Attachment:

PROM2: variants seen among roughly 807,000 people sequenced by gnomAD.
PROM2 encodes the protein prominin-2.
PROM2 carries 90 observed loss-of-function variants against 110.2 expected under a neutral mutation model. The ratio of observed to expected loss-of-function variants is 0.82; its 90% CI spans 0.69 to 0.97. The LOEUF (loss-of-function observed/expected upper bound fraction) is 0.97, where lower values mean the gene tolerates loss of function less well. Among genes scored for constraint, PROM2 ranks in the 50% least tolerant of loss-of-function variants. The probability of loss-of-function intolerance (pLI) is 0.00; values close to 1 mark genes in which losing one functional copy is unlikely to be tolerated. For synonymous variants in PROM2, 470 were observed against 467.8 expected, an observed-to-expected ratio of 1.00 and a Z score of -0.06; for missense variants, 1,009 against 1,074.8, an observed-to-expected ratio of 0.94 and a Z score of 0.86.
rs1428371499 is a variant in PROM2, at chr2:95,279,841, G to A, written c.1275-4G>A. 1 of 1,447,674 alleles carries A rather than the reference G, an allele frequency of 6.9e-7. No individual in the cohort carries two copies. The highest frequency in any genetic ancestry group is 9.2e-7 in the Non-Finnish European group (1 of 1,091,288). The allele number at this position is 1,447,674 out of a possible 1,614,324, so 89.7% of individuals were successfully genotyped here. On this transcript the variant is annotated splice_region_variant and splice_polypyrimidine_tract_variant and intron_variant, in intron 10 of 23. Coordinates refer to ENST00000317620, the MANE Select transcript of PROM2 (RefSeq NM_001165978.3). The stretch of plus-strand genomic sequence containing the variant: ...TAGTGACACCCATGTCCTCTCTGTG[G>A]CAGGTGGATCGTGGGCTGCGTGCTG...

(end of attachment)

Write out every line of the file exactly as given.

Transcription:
PROM2: variants seen among roughly 807,000 people sequenced by gnomAD.
PROM2 encodes the protein prominin-2.
PROM2 carries 90 observed loss-of-function variants against 110.2 expected under a neutral mutation model. The ratio of observed to expected loss-of-function variants is 0.82; its 90% CI spans 0.69 to 0.97. The LOEUF (loss-of-function observed/expected upper bound fraction) is 0.97, where lower values mean the gene tolerates loss of function less well. Among genes scored for constraint, PROM2 ranks in the 50% least tolerant of loss-of-function variants. The probability of loss-of-function intolerance (pLI) is 0.00; values close to 1 mark genes in which losing one functional copy is unlikely to be tolerated. For synonymous variants in PROM2, 470 were observed against 467.8 expected, an observed-to-expected ratio of 1.00 and a Z score of -0.06; for missense variants, 1,009 against 1,074.8, an observed-to-expected ratio of 0.94 and a Z score of 0.86.
rs1428371499 is a variant in PROM2, at chr2:95,279,841, G to A, written c.1275-4G>A. 1 of 1,447,674 alleles carries A rather than the reference G, an allele frequency of 6.9e-7. No individual in the cohort carries two copies. The highest frequency in any genetic ancestry group is 9.2e-7 in the Non-Finnish European group (1 of 1,091,288). The allele number at this position is 1,447,674 out of a possible 1,614,324, so 89.7% of individuals were successfully genotyped here. On this transcript the variant is annotated splice_region_variant and splice_polypyrimidine_tract_variant and intron_variant, in intron 10 of 23. Coordinates refer to ENST00000317620, the MANE Select transcript of PROM2 (RefSeq NM_001165978.3). The stretch of plus-strand genomic sequence containing the variant: ...TAGTGACACCCATGTCCTCTCTGTG[G>A]CAGGTGGATCGTGGGCTGCGTGCTG...